The many faces of Shur-Strike Pikies

22 Dec

The evolution of the Shur-Strike Pikie lure took on many faces over the short span of 15 years or so. In 1932, Creek Chub decided to make a more economical lure to deal with the Great Depression, and the Shur-Strike brand was born.

Here is a picture of catalog from 1932 that revealed the first offering of Shur-Strike lures that included the Round Nose Pikie, simply called a Series 4.farwell 009

The above page was published in the NFLCC Gazette, and attributed to Charles Huffman. To further confirm the introductory date of the Shur-Strike brand, a 1932 Farwell, Ozmun, and Kirk Hardware catalog shows a Shur-Strike Style A and B.

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The 1932 catalog page from Huffman, confirms the Pikie was one of the first lures Creek Chub came to market with under the Shur-Strike brand.  The catalog confirms that the Shur-Strike version differed significantly from the traditional Creek Chub Pikie.

The jointed round nose style of Pikie was introduced in 1933 a year after the straight version. The round nose version of the jointed is extremely hard to find, and only a few examples are known. The colors listed were Pikie and Frog on the Series 4, and W/R & Silver/Black Head on the jointed. The 1932 catalog had R/W and Pikie as the two colors on the Series 4.

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Round Nose

This round nose style must not have been accepted well with the fishing public, but the Shur-Strike line was thriving. A year or so later, the Pikie took on a slimmer look, more in line with the all ready successful, Creek Chub version. Notice the flat head, and sleeker body, but the same inserted lip as on the previous model. I have found the intro-round nose with two positions for the line tie, and it appears they settled on the snout tip for now in the early to mid thirties. That would change again in due time.

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Flat Head Insert Lip

I would like to note that during this timeframe, Creek Chub introduced another lure that gets confused with the intro round nose Pikie, but was a completely different style lure. The HV style which stood for Heddon Vamp Style, was introduced around 1935/1936. It was developed to compete with their arch rival’s  Heddon Vamp lure. Notice the indented area around the eyes that was the signature of the Heddon lure. The Shur-Strike HV was moderately successful, but had only about a 4 year run until around 1939, when it disappeared from the catalog offering.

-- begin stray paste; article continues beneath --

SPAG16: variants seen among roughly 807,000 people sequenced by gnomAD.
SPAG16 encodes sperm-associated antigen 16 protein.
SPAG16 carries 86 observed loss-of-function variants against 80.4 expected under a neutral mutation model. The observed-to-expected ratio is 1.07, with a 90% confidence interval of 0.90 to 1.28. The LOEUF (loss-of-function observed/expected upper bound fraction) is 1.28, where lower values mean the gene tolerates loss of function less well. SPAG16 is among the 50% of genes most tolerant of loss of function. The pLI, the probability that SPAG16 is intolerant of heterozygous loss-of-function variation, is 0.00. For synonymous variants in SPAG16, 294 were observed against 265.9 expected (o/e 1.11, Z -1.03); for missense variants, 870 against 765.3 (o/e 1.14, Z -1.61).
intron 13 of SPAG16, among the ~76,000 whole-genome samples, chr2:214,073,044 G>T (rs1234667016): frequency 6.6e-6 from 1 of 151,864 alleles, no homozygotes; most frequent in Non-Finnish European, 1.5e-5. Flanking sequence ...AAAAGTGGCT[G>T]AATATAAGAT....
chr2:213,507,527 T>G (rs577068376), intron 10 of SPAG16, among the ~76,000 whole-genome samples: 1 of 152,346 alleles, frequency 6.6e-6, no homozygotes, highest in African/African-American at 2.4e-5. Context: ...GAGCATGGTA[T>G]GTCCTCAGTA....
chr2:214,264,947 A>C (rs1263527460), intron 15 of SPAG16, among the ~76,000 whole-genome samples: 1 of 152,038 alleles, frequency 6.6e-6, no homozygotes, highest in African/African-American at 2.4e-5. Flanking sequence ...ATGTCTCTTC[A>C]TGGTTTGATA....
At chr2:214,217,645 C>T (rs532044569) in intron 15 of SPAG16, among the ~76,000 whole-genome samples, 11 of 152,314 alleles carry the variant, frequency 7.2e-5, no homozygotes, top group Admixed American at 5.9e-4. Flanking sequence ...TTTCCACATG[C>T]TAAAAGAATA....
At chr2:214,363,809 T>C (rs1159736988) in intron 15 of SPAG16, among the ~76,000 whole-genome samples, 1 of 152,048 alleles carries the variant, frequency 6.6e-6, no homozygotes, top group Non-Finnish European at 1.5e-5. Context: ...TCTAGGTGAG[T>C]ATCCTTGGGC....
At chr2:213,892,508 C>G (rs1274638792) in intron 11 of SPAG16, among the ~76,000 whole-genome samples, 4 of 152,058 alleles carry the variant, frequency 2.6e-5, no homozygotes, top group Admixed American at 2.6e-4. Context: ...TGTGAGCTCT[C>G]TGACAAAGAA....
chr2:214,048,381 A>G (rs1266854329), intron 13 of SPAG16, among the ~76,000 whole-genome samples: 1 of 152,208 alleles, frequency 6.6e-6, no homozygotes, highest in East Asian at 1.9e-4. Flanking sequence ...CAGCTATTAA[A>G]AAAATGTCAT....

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HV Series

The next version of the Pikie, came with the introduction of the ventral lip. This lip was applied to bottom of the lure for more stability, and was cupped. The eyes took on the indented look of the HV series. The line tie is now moved to under the nose and above the cupped lip. I am sure this was all part of trying to improve the action of the lure as well. The final change was back to the rounder head, and the ventral lip.

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Indent Eye & Flat Head Ventral Lip

Collecting Shur-Strike Pikie lures can be daunting task with all the variations over the years, collecting jointed, baby, and midget versions, and not to mention all the standard and special order colors. I have found several special colors over the years, and even a double line tie (DLT), similar to what Creek Chub provided on their main line.

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Under Chin Line Tie

It should be noted that you could order the tack eye versions of these lures around 1938, as an option to save a penny or two. If you are CCBCO collector, this was not an option on the main line lures. CCBCO eventually went to tack eye, but not until the 60’s on the main line. Some retailers even ordered the baby size Shur-Strike Pikie in painted eye. These are actually very hard to find, but do come up, usually mis-identified as a Paw Paw or something else.

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Variety of Pikies

In conclusion, the Pikie may have been one of the most common Shur-Strike lures sold, but the variations are endless, making it a very challenging lure to collect!

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